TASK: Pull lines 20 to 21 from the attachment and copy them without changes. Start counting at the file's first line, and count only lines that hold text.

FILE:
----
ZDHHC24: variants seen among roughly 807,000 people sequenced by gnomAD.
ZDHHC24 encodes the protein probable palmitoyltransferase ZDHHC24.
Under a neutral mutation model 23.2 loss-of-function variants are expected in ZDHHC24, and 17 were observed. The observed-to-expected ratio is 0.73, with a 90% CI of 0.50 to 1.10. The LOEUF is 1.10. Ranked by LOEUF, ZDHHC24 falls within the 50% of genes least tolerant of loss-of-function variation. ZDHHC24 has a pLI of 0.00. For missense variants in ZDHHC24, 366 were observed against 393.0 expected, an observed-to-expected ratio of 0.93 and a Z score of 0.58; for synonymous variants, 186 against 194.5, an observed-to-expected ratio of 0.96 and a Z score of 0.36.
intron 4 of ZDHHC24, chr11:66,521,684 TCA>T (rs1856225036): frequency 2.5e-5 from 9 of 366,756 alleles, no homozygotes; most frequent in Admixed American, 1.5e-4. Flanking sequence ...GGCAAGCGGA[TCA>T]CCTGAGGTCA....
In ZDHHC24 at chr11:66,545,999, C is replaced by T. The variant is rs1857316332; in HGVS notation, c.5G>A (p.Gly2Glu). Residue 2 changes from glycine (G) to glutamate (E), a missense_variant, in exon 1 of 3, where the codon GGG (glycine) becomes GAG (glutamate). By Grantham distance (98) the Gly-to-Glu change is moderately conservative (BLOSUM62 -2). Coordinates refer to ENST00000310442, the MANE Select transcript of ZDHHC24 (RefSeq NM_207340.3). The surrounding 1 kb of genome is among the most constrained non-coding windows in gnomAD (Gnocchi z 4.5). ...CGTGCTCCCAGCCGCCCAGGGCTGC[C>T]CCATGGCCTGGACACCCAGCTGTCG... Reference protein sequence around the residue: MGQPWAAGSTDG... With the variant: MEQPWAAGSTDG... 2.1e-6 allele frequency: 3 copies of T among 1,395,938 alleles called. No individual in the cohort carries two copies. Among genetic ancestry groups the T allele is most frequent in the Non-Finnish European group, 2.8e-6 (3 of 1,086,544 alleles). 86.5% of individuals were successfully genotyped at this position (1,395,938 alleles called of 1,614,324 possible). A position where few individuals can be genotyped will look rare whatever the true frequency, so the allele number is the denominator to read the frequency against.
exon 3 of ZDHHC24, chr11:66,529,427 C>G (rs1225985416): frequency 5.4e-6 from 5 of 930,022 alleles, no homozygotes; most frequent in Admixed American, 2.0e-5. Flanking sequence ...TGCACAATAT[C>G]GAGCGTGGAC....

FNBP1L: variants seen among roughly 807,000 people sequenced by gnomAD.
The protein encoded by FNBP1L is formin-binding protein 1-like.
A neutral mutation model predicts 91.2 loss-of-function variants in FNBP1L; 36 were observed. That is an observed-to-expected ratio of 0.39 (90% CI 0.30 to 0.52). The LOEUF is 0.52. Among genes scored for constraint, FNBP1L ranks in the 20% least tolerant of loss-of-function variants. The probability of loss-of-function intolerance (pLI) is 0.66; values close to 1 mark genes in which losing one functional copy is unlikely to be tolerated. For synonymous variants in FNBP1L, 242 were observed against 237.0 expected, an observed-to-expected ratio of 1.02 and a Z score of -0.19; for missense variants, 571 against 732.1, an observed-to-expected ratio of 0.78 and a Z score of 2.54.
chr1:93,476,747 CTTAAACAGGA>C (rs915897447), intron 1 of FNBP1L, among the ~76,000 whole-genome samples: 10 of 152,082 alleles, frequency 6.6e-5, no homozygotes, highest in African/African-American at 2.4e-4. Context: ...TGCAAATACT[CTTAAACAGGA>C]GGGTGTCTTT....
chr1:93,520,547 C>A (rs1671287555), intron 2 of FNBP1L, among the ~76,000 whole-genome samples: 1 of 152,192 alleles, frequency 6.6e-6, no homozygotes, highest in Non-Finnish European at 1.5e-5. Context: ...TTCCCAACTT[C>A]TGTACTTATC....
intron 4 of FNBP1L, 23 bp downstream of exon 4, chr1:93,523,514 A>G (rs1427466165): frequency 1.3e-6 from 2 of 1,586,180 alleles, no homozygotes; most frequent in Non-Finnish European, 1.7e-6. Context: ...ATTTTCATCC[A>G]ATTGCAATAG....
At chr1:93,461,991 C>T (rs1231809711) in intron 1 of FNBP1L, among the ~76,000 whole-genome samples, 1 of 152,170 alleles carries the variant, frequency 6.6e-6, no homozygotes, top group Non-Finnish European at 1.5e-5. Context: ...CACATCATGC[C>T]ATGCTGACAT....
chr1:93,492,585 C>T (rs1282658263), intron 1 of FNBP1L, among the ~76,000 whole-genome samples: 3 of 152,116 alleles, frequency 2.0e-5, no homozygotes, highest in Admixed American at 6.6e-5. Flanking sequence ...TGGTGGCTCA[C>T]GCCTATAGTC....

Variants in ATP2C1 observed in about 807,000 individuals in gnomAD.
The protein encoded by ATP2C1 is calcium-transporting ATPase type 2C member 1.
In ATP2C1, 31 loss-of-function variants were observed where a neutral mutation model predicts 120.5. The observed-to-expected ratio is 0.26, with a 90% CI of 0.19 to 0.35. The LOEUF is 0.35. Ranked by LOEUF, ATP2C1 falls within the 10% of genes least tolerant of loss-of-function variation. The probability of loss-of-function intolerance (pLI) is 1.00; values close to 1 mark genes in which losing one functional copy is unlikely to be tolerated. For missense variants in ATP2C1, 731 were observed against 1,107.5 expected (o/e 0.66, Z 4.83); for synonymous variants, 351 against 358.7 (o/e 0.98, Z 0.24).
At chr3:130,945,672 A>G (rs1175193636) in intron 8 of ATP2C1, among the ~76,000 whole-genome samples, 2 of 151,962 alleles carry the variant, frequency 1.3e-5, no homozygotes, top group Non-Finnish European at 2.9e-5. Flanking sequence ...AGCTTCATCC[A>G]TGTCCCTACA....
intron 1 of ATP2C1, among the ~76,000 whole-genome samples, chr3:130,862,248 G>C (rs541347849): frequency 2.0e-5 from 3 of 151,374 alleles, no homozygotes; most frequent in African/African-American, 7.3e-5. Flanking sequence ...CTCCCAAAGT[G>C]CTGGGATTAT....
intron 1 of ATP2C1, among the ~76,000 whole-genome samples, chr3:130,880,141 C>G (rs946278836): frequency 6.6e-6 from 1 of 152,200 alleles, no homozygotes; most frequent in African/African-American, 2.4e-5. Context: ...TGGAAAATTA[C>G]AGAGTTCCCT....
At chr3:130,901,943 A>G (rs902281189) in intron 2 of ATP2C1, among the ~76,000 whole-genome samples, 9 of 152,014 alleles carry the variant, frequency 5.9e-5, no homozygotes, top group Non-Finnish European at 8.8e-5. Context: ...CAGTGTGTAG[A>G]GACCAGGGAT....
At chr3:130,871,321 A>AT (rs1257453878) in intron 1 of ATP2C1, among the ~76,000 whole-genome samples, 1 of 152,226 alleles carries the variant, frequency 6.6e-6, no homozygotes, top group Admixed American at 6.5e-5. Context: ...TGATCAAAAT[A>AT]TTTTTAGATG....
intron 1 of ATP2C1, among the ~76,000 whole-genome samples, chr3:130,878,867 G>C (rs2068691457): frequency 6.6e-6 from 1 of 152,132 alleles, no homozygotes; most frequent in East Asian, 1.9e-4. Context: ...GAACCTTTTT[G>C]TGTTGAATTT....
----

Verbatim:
intron 1 of ATP2C1, among the ~76,000 whole-genome samples, chr3:130,880,141 C>G (rs946278836): frequency 6.6e-6 from 1 of 152,200 alleles, no homozygotes; most frequent in African/African-American, 2.4e-5. Context: ...TGGAAAATTA[C>G]AGAGTTCCCT....
At chr3:130,901,943 A>G (rs902281189) in intron 2 of ATP2C1, among the ~76,000 whole-genome samples, 9 of 152,014 alleles carry the variant, frequency 5.9e-5, no homozygotes, top group Non-Finnish European at 8.8e-5. Context: ...CAGTGTGTAG[A>G]GACCAGGGAT....